CEDAR CITY – With only $180,000 to spend, the Iron County Sheriff’s Office had to find a way to get a little creative when they recently bought a new ambulance truck for its division of emergency medical services.
Normally, new ambulance vehicles cost $215,000 to $240,000, but the EMS team found a way to purchase the equipment at $105,000, having enough left to buy two additional Chevrolet Tahoes for first responders.
In order to save money, the EMS division decided to take the old box from the ambulance the division was retiring and had it overhauled to use with the new ambulance.
“We saved the county more than $100,000 by doing it the way we did,” said Operations Sgt. Ty March.
A state-of-the-art truck, the new ambulance is equipped with all of the same emergency supplies and has the ability to be lowered 6 inches in the backend, which will go a long way in saving the backs of the EMS crew, officials said.
“That’s my number one priority. All of these guys have bad backs because of the work they do, so it’s my job to help them anyway I can,” said Iron County Sheriff’s Lt. Jody Edwards, who is the EMS administrator. “By the truck being lowered like this, it saves the paramedics and EMTs from having to lift the gurney onto the truck like they do with the old ones.”
The new ambulance replaces one with more than 300,000 miles, which is about the time it needs to be retired, said Iron County Sheriff Mark Gower.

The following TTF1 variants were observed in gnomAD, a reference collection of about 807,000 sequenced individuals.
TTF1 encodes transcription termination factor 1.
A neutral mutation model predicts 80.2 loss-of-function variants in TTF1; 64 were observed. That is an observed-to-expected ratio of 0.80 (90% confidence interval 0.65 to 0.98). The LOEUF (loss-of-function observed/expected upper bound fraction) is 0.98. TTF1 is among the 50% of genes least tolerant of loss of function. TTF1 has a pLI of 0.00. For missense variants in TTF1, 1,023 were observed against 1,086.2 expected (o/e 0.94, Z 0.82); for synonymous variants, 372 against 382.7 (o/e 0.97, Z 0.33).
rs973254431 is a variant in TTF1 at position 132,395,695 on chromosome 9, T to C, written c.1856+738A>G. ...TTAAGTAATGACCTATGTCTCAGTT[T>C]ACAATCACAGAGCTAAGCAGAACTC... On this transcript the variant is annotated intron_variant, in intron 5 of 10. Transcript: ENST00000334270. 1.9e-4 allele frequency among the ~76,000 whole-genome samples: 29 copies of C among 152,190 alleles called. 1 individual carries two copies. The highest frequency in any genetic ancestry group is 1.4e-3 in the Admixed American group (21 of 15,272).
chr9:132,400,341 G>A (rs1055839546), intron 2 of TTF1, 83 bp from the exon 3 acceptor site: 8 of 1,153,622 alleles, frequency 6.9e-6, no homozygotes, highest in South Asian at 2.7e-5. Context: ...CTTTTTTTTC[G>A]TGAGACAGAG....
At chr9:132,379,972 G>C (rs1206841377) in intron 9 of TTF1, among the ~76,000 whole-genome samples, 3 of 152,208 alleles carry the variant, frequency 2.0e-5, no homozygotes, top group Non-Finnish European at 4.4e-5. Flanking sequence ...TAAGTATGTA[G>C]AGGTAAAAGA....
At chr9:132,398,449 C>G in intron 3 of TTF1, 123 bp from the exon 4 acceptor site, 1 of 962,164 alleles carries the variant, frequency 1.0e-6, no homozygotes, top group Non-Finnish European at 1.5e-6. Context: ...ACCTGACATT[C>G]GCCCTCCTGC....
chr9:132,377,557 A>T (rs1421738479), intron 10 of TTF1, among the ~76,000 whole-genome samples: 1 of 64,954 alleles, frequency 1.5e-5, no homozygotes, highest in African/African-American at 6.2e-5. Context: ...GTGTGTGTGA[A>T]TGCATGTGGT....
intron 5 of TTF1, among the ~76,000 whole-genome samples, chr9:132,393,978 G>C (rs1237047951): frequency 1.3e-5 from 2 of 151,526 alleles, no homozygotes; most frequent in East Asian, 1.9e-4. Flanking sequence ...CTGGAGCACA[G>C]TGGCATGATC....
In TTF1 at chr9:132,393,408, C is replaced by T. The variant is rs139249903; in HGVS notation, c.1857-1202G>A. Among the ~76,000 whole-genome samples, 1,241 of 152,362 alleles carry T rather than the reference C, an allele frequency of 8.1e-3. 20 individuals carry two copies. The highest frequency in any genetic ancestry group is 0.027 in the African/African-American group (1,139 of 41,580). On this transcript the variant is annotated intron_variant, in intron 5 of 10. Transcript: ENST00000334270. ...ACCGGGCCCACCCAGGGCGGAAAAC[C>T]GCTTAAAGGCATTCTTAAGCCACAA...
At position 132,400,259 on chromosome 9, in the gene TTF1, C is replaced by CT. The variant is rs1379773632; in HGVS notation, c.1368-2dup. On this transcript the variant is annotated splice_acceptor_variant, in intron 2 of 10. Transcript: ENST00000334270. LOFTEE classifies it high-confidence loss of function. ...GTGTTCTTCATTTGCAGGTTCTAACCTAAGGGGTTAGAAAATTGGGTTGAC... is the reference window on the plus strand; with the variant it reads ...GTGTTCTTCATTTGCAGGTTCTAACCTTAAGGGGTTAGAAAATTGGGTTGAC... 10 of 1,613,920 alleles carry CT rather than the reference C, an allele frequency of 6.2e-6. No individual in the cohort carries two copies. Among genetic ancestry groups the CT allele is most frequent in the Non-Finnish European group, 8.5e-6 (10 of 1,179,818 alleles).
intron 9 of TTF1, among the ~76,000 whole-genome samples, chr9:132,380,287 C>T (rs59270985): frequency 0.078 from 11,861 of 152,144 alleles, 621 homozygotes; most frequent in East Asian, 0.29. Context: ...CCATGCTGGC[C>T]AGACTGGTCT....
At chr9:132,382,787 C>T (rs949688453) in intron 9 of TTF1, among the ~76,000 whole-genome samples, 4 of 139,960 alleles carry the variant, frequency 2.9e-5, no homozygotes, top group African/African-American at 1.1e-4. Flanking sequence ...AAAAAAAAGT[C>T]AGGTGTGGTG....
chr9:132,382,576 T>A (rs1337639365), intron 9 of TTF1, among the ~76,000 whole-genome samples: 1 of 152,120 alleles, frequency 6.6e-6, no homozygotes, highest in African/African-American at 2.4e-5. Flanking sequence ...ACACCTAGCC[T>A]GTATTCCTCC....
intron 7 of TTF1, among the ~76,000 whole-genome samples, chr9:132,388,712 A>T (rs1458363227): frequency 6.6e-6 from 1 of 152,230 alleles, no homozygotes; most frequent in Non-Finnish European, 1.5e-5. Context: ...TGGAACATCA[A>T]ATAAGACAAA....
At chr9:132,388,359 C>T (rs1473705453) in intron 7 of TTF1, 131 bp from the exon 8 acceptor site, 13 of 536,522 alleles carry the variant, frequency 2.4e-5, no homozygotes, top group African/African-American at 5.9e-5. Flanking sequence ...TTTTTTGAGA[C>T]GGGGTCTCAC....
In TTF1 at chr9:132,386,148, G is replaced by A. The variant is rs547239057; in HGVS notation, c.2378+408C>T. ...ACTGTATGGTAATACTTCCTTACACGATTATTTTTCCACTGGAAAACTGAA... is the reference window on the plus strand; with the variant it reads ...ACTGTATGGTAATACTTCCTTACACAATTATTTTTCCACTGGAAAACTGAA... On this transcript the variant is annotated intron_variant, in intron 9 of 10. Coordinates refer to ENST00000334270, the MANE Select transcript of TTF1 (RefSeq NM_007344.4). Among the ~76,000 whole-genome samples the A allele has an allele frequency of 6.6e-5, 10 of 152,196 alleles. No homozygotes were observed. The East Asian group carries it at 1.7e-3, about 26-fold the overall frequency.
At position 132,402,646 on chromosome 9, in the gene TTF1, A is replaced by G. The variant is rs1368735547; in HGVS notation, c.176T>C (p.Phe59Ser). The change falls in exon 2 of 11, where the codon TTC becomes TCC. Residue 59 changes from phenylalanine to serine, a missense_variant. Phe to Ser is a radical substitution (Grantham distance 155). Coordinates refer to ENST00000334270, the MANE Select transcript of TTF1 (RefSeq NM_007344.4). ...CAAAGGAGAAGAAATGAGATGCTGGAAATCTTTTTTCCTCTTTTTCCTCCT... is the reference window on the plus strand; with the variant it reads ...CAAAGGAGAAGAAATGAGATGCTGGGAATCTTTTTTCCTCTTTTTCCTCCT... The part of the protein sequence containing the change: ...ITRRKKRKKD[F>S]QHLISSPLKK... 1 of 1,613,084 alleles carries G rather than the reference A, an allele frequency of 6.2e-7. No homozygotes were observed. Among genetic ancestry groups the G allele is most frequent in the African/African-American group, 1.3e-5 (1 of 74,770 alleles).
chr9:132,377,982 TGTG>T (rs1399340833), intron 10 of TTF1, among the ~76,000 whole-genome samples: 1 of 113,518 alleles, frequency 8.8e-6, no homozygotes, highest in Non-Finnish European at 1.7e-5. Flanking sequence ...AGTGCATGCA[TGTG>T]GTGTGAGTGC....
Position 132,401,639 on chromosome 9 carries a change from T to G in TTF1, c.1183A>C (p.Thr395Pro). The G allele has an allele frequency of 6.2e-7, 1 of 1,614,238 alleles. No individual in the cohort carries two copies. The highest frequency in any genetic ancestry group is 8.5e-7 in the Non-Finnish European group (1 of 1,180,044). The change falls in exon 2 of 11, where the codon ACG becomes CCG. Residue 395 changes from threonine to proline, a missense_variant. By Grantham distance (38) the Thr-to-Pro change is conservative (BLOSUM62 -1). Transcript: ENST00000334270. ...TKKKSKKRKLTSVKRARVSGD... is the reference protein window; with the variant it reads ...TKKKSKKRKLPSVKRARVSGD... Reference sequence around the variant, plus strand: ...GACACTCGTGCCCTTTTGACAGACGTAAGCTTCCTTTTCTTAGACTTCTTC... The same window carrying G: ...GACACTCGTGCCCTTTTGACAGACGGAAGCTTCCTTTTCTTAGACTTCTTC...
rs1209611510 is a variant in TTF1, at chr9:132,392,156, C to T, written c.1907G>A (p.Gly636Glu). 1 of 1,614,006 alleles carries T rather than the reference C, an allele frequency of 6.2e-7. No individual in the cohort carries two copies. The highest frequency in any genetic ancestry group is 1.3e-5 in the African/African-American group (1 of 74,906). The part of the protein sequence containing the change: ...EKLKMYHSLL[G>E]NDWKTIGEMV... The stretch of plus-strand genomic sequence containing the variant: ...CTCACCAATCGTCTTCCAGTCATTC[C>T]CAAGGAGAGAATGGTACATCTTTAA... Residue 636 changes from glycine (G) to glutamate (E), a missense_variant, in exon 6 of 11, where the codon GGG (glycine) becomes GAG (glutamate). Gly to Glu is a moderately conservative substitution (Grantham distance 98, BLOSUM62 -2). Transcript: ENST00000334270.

“We have to have vehicles that are reliable,” Gower said. “We are responsible for life-or-death situations, and we can’t have ambulances that are broken down or so old that we worry if we’re even going to make it to the next call. They’ve got to be in top working condition.”
The last time the EMS division bought a new vehicle was in 2012.
That money didn’t come from county coffers but from a Community Block Grant – specifically for the purchase of an ambulance for the Beryl station to cover the west end of the county.
This ambulance will remain at the Cedar City station, which provides 24-hour paramedic coverage and covers all of the unincorporated areas of central Iron County surrounding the Cedar City area, officials said.
It also handles all calls for service in Cedar City, Enoch, and on Interstate 15 from mile post 71 to mile post 50.
Officials said Iron County EMS units respond to approximately 2,000 medical calls each year – most frequently for cardiac arrest, respiratory problems, slip and fall accidents and injuries resulting from vehicle accidents.
“We can have times where we have seven calls within just a few hours while there are other times where we don’t have any calls all day,” March said. “It just depends, but when we do, we have to be ready to go. And we would be jeopardizing patient care if we didn’t have reliable vehicles to make sure we can get to our calls.”
All EMTs and paramedics in the EMS division have been certified by the Utah Bureau of Emergency Medical Services.
In addition to EMS training, the division also has employees trained in swift water rescue and ropes.Share